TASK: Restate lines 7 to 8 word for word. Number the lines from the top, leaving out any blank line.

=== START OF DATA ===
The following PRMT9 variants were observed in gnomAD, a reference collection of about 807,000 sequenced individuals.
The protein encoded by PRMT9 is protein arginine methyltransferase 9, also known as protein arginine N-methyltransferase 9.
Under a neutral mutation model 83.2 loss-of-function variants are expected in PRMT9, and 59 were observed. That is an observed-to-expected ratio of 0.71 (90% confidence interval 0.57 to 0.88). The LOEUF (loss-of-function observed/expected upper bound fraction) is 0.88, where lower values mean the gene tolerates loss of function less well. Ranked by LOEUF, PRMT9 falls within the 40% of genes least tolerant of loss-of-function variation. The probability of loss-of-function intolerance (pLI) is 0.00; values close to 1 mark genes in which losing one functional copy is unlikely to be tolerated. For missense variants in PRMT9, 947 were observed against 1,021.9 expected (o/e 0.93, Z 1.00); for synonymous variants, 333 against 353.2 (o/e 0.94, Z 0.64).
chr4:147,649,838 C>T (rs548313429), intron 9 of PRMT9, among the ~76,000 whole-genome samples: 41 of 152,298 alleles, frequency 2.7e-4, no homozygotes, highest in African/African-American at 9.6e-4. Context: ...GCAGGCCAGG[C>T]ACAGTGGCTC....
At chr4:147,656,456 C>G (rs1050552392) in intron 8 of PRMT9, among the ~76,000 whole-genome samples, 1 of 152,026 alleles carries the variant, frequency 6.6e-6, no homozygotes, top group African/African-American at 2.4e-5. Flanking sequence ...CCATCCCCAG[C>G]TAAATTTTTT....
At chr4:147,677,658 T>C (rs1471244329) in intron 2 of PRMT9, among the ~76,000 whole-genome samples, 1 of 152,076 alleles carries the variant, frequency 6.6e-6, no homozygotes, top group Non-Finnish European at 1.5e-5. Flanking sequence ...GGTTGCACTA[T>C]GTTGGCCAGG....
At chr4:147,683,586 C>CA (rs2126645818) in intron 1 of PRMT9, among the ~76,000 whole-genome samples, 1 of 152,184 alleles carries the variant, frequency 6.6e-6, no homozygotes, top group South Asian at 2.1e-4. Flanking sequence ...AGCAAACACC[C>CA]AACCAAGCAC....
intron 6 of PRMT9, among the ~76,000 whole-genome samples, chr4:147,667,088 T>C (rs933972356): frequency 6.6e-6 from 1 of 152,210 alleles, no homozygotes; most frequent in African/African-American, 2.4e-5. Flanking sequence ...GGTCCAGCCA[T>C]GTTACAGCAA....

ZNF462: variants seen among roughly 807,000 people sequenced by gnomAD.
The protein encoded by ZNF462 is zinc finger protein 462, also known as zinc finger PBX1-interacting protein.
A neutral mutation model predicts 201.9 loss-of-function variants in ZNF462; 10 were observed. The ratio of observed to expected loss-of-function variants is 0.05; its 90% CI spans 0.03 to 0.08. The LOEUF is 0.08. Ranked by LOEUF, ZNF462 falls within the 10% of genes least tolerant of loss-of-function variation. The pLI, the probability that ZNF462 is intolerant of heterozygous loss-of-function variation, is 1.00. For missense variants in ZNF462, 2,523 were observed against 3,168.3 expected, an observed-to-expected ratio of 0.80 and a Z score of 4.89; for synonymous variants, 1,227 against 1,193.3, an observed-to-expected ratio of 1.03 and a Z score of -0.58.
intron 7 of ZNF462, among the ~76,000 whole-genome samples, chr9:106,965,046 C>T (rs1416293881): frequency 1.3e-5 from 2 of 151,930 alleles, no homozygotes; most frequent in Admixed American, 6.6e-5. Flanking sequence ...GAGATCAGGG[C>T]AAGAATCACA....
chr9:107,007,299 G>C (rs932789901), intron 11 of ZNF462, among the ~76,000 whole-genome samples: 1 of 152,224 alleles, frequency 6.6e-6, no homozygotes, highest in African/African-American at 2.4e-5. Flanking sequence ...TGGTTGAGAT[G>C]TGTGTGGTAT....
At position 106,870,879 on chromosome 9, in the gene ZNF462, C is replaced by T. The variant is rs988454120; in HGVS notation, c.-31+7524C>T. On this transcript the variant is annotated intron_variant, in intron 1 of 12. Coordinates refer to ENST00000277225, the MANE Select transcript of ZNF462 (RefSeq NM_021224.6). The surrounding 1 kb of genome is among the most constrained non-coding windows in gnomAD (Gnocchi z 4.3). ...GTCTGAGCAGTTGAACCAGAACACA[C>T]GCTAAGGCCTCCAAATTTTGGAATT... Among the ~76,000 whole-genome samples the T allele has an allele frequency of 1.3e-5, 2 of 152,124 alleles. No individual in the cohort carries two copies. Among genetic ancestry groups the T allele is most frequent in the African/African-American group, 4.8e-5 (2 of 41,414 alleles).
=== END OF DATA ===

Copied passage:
At chr4:147,683,586 C>CA (rs2126645818) in intron 1 of PRMT9, among the ~76,000 whole-genome samples, 1 of 152,184 alleles carries the variant, frequency 6.6e-6, no homozygotes, top group South Asian at 2.1e-4. Flanking sequence ...AGCAAACACC[C>CA]AACCAAGCAC....
intron 6 of PRMT9, among the ~76,000 whole-genome samples, chr4:147,667,088 T>C (rs933972356): frequency 6.6e-6 from 1 of 152,210 alleles, no homozygotes; most frequent in African/African-American, 2.4e-5. Flanking sequence ...GGTCCAGCCA[T>C]GTTACAGCAA....